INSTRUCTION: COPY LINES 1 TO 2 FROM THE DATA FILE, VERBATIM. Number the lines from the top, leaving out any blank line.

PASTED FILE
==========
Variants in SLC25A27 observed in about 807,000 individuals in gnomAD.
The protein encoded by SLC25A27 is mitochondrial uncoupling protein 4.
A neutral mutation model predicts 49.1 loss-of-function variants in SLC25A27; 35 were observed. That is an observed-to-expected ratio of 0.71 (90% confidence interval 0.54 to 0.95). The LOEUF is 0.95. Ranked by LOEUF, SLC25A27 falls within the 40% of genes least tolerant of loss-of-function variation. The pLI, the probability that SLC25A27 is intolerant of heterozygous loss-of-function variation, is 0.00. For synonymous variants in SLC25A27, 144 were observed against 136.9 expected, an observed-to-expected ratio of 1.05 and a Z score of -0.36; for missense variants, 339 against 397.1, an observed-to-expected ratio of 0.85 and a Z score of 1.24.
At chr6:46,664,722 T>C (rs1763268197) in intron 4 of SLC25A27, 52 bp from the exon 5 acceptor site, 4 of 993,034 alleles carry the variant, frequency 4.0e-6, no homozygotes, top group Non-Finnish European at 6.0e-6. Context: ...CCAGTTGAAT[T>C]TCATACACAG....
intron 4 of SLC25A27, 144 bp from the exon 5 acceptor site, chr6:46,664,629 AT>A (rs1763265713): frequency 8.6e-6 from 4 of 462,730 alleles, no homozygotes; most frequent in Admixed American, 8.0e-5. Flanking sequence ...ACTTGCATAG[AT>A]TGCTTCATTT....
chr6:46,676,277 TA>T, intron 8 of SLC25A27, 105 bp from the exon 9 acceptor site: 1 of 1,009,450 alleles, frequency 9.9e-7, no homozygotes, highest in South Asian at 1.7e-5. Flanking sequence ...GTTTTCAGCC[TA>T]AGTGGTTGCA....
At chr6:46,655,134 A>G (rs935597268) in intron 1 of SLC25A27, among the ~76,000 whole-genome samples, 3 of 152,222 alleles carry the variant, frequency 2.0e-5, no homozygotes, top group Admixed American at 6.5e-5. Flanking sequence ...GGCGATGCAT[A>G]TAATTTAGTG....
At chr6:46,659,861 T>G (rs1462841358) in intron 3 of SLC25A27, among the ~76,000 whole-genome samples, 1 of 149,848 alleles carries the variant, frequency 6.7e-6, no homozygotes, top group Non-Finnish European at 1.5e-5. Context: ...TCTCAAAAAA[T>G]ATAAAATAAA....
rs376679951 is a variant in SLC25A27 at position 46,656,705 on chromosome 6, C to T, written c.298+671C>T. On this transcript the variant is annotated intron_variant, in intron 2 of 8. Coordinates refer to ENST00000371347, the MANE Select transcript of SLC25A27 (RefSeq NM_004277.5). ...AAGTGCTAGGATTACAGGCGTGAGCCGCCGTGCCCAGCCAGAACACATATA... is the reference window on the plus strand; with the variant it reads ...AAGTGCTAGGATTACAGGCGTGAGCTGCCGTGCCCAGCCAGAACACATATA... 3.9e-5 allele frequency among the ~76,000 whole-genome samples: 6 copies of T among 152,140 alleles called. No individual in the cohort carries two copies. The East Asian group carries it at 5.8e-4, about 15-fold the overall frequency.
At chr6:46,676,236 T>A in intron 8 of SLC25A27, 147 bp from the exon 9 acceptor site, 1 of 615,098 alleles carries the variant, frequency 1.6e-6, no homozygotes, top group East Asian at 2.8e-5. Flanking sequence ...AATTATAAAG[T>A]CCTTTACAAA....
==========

Variants in SLC25A27 observed in about 807,000 individuals in gnomAD.
The protein encoded by SLC25A27 is mitochondrial uncoupling protein 4.